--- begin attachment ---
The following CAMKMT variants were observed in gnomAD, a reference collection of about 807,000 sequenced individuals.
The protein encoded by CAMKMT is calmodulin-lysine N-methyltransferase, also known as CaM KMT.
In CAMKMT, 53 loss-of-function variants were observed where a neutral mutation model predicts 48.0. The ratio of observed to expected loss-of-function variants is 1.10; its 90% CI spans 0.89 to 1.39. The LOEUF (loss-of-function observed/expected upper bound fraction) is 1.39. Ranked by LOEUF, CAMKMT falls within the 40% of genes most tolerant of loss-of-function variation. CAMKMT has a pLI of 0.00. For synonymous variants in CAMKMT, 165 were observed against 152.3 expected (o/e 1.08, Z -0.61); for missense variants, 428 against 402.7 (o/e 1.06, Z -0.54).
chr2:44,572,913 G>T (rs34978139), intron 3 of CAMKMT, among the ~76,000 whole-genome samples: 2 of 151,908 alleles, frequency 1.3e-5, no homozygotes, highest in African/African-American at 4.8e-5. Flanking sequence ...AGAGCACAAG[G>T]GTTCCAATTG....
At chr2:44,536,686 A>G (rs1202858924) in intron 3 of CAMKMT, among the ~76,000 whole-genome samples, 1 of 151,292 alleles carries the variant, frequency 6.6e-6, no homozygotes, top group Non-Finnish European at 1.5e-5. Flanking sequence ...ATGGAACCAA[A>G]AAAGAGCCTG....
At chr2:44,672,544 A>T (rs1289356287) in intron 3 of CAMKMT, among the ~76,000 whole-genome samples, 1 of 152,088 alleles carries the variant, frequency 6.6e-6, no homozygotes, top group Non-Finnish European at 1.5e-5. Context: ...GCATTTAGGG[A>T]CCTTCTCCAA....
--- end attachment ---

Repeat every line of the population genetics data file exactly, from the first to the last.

The following CAMKMT variants were observed in gnomAD, a reference collection of about 807,000 sequenced individuals.
The protein encoded by CAMKMT is calmodulin-lysine N-methyltransferase, also known as CaM KMT.
In CAMKMT, 53 loss-of-function variants were observed where a neutral mutation model predicts 48.0. The ratio of observed to expected loss-of-function variants is 1.10; its 90% CI spans 0.89 to 1.39. The LOEUF (loss-of-function observed/expected upper bound fraction) is 1.39. Ranked by LOEUF, CAMKMT falls within the 40% of genes most tolerant of loss-of-function variation. CAMKMT has a pLI of 0.00. For synonymous variants in CAMKMT, 165 were observed against 152.3 expected (o/e 1.08, Z -0.61); for missense variants, 428 against 402.7 (o/e 1.06, Z -0.54).
chr2:44,572,913 G>T (rs34978139), intron 3 of CAMKMT, among the ~76,000 whole-genome samples: 2 of 151,908 alleles, frequency 1.3e-5, no homozygotes, highest in African/African-American at 4.8e-5. Flanking sequence ...AGAGCACAAG[G>T]GTTCCAATTG....
At chr2:44,536,686 A>G (rs1202858924) in intron 3 of CAMKMT, among the ~76,000 whole-genome samples, 1 of 151,292 alleles carries the variant, frequency 6.6e-6, no homozygotes, top group Non-Finnish European at 1.5e-5. Flanking sequence ...ATGGAACCAA[A>G]AAAGAGCCTG....
At chr2:44,672,544 A>T (rs1289356287) in intron 3 of CAMKMT, among the ~76,000 whole-genome samples, 1 of 152,088 alleles carries the variant, frequency 6.6e-6, no homozygotes, top group Non-Finnish European at 1.5e-5. Context: ...GCATTTAGGG[A>T]CCTTCTCCAA....